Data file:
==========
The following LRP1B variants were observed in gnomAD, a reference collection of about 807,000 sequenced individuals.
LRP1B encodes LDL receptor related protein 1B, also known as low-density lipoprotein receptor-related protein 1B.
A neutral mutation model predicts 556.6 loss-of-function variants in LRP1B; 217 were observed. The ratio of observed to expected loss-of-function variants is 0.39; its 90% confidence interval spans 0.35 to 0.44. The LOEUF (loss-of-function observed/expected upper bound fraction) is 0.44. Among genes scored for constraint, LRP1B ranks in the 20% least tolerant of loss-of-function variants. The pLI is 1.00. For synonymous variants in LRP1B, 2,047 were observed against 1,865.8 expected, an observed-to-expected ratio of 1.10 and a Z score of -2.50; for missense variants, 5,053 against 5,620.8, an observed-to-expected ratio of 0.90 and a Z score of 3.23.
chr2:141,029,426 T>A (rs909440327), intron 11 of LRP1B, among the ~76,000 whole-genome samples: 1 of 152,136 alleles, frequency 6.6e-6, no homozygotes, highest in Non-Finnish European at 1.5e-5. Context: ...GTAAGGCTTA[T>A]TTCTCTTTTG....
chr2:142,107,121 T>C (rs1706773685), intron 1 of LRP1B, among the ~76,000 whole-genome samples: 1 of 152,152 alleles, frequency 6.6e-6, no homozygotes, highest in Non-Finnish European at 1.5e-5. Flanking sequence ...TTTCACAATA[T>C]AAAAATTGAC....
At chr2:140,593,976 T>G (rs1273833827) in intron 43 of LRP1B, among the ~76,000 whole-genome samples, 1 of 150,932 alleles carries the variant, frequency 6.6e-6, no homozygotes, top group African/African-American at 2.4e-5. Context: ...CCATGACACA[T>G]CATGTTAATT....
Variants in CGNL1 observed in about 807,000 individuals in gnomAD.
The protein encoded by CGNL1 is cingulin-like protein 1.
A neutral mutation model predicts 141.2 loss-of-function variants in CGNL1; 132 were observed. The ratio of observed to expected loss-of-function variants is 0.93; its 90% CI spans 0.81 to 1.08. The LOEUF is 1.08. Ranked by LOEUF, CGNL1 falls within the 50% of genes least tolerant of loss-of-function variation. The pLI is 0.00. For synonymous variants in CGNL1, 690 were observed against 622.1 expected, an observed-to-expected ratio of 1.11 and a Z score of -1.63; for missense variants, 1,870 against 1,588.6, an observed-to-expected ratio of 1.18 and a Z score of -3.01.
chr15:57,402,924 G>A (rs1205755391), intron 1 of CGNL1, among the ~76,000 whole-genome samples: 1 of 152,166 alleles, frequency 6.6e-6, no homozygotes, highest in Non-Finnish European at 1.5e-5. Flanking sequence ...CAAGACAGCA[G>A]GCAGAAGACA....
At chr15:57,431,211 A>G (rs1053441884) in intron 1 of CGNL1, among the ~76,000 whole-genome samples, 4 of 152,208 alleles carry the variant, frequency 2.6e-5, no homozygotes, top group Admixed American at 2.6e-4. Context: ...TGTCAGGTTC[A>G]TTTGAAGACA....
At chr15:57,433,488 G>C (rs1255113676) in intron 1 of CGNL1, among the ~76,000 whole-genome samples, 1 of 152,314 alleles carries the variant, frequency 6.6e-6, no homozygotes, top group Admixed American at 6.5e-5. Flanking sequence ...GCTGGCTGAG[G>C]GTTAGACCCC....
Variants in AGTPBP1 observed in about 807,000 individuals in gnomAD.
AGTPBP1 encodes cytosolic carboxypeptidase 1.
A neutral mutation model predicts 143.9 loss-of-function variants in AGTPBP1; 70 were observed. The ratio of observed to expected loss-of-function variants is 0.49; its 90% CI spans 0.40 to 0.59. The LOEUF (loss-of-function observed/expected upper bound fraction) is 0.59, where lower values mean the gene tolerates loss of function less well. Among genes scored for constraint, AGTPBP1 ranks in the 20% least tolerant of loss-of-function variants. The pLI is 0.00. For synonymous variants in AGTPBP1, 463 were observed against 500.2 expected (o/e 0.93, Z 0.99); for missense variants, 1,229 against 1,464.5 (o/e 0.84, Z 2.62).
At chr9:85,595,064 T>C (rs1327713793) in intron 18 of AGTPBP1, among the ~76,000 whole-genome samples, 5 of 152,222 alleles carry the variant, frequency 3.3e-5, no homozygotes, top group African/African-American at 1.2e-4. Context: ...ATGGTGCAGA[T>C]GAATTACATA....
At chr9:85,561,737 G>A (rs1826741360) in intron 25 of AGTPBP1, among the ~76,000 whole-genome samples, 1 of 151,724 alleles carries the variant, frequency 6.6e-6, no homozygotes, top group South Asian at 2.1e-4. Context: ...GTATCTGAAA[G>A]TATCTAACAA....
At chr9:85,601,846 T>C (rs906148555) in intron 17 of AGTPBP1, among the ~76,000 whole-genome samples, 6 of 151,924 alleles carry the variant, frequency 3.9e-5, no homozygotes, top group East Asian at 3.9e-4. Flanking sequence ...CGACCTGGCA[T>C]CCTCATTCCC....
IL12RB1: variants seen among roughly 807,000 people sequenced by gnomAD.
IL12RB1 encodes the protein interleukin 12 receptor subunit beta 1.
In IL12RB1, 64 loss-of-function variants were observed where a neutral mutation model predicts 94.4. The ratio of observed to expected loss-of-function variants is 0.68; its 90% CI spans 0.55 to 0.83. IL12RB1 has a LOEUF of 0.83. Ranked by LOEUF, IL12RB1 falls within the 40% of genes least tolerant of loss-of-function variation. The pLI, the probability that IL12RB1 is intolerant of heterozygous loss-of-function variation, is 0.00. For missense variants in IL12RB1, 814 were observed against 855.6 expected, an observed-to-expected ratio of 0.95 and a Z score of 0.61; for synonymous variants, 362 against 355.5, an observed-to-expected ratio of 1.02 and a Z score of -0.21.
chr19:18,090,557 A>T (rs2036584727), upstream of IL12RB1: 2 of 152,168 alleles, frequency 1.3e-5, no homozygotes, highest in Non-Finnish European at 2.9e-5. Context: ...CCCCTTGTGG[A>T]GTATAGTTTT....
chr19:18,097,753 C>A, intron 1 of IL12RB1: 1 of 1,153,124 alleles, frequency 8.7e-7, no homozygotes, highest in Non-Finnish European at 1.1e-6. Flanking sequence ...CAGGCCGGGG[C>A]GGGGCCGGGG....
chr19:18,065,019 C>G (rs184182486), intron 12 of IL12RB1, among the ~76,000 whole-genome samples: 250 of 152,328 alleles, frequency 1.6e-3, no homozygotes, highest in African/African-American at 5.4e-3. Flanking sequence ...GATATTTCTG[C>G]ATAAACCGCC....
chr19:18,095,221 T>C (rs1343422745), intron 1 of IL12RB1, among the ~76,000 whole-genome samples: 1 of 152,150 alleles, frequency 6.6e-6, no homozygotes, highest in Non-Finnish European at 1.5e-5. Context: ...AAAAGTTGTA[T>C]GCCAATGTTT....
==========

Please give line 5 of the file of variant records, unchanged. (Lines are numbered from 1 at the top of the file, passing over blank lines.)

chr2:142,107,121 T>C (rs1706773685), intron 1 of LRP1B, among the ~76,000 whole-genome samples: 1 of 152,152 alleles, frequency 6.6e-6, no homozygotes, highest in Non-Finnish European at 1.5e-5. Flanking sequence ...TTTCACAATA[T>C]AAAAATTGAC....